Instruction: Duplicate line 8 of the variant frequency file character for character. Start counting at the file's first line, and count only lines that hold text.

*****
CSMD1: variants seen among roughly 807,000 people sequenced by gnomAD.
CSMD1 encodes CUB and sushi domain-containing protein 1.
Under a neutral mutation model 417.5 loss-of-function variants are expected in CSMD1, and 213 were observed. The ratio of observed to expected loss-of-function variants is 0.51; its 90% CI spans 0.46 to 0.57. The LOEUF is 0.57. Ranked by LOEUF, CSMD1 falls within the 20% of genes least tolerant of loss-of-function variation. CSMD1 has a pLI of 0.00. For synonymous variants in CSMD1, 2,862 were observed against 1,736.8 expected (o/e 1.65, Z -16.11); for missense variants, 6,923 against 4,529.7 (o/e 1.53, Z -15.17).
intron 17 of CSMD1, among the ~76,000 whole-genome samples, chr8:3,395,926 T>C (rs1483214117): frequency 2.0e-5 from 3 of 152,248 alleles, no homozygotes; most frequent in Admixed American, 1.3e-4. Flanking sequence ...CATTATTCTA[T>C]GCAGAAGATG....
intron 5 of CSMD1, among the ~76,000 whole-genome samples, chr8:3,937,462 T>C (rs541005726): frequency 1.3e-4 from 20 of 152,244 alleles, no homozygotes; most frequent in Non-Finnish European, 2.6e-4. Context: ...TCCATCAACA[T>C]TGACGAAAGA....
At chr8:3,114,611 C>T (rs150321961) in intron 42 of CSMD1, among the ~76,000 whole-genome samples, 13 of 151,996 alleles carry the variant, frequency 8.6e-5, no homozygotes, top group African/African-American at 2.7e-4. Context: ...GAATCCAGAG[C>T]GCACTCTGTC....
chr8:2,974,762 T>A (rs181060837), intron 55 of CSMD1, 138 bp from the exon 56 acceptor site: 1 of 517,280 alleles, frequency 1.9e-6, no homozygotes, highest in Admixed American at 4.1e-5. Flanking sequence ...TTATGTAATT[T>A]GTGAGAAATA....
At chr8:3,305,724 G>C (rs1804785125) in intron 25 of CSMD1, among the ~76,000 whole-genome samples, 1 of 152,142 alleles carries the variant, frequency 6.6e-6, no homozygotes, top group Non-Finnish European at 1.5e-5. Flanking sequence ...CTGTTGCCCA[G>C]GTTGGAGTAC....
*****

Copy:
At chr8:3,305,724 G>C (rs1804785125) in intron 25 of CSMD1, among the ~76,000 whole-genome samples, 1 of 152,142 alleles carries the variant, frequency 6.6e-6, no homozygotes, top group Non-Finnish European at 1.5e-5. Flanking sequence ...CTGTTGCCCA[G>C]GTTGGAGTAC....